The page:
under construction almost provoked a collapse.
This multi-storey
building has just
escaped collapse
from an
earthquake
And this is the remains of the left A resistant column with well detailed
edge ground floor column stabilizing confining reinforcement
BP4: Avoid Soft-Storey Upper floors
If lateral bracing is weakened or omitted, or if the horizontal resistance
is strongly reduced above a certain floor.
In this office building,
an upper storey failed.
The top of the building
has collapsed onto the
floor below.
BP5: Avoid Asymmetric Bracing!
If the center of resistance and the center of mass do not
coincide, eccentricity and twisting occurs.
Why should we must avoid asymmetric
bracing?
Asymmetric Bracing leads to unbalance distribution
of stiffness or mass w/c can also lead to eccentricity
and torsion in the structure.
Dynamically a building is more efficient if the center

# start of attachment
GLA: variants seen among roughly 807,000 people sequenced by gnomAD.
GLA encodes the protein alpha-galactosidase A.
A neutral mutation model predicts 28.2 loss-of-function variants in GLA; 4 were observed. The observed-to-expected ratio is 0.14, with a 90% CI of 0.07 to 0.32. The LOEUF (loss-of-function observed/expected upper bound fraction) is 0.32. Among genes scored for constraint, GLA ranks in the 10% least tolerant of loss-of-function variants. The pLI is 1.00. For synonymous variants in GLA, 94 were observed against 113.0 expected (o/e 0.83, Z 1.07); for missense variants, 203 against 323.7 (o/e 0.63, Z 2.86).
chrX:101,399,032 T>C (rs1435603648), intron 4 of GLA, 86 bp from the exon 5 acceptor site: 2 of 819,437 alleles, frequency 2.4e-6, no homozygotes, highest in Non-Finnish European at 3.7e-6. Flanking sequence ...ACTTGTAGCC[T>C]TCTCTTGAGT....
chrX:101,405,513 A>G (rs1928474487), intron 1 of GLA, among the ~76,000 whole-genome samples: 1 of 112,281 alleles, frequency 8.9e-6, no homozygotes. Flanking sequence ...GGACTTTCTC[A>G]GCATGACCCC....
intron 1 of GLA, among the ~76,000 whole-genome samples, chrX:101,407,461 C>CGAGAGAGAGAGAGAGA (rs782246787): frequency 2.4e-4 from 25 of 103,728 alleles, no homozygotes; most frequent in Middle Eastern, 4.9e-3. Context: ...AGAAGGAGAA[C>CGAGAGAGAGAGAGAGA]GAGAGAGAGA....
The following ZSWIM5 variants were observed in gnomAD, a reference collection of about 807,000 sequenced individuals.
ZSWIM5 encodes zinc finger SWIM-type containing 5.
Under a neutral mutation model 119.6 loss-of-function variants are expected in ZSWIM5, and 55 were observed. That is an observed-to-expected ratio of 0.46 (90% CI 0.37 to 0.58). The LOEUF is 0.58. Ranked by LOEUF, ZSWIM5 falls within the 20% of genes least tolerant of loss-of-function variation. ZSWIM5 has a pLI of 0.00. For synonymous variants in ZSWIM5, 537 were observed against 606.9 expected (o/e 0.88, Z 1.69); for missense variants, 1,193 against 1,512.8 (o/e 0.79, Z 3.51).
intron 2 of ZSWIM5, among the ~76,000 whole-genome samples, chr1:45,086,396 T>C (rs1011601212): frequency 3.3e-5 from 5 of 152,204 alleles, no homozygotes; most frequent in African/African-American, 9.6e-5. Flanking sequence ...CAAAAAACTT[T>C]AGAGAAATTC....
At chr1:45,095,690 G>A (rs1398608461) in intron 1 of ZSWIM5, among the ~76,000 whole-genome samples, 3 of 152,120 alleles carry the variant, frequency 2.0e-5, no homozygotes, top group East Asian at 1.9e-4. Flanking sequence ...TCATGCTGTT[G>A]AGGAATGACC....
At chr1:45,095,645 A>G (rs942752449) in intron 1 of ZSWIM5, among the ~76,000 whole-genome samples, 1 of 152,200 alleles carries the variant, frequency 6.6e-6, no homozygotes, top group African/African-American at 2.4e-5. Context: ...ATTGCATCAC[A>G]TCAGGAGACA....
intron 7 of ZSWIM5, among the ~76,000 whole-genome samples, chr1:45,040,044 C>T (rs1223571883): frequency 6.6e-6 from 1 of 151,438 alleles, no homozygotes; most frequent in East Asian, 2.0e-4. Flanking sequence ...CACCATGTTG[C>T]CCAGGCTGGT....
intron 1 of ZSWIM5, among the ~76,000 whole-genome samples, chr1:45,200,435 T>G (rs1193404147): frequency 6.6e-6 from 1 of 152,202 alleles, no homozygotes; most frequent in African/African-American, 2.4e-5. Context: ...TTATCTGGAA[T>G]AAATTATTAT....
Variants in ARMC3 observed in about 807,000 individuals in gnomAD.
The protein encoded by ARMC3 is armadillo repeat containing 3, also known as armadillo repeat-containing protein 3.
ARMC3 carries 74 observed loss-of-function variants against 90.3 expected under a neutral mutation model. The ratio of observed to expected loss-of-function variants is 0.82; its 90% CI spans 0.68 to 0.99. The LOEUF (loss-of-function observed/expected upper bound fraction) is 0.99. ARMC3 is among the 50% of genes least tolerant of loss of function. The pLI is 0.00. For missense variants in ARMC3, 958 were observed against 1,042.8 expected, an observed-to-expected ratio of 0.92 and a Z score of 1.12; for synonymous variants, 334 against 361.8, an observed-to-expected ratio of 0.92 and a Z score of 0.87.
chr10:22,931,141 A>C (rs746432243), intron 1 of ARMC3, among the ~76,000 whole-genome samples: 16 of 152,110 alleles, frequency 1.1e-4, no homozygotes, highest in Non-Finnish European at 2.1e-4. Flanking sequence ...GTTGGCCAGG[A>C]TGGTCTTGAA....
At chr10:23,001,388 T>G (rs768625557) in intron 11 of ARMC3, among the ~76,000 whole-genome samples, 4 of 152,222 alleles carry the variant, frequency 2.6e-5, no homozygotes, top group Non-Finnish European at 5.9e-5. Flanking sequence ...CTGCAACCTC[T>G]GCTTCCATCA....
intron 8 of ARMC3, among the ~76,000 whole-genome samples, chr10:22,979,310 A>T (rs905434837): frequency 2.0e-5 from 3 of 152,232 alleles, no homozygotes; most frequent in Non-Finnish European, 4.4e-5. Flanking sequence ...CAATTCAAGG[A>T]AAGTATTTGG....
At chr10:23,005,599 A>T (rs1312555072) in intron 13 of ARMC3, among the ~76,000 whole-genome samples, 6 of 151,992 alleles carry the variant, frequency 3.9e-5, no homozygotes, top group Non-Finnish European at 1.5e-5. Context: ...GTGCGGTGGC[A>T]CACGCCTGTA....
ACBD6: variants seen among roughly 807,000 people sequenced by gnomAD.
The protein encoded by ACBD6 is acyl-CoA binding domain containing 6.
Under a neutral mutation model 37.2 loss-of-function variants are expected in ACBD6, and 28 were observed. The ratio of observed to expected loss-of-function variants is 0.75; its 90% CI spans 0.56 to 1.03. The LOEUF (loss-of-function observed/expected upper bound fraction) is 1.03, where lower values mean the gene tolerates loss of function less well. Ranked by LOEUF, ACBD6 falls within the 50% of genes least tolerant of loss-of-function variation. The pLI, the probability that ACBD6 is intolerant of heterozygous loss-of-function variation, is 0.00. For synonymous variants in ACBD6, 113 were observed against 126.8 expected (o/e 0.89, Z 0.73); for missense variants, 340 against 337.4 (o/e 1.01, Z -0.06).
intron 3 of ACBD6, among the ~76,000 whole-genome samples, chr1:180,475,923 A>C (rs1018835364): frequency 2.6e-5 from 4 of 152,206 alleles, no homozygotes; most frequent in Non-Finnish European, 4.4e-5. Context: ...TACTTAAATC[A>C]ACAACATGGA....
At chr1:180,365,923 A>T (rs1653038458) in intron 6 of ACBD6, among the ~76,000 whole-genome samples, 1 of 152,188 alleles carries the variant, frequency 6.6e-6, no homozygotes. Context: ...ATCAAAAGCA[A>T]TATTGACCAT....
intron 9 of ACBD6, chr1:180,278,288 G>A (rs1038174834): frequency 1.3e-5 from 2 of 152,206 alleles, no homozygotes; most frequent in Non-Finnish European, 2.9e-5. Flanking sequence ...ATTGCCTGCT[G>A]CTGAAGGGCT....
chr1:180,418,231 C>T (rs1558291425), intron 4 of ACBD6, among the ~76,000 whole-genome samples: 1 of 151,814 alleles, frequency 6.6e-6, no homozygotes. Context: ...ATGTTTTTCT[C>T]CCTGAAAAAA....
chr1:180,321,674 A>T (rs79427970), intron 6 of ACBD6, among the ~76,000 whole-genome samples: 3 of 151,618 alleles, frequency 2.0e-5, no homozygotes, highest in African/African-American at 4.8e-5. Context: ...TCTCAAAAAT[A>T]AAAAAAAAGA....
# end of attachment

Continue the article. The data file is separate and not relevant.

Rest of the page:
of mass and the center of resistance coincides.
This can be achieved with a symmetric
arrangement of the lateral bracing elements.
BP6: Avoid Bracing Offsets
Offset disturbs the direct flow of forces,
weakened the resistance and reduce
the ductility of the bracing.
They cause LARGE additional forces and
DEFORMATION in their other structural
elements.
BP7: Discontinuities in stiffness and resistance cause
problems
Modifications of cross sections of bracing systems over the height of a
building cause discontinuities and lead to sudden variations in the
stiffness and resistance of the building.
A seismic resistant structure always has
seismic resisting parts!
Even a Special Moment Frame System is
Seismic Resisting frame
Causes of Discontinuities of Frames:
A. Floating Columns - when a column coming from top
of the building is discontinued at a lower level, usually
at the ground storey.

B. Set-back Columns - when a column coming from top


of the building is moved away from its original line,
again usually at the ground storey.

C. Lack of Grid in Moment Frame common discontinuity


of load path in the horizontal direction (in plan).
A. Floating
Columns
B. Setback Column
C. Lack of Grid in Moment Frames
Causes of Discontinuities of Structural Walls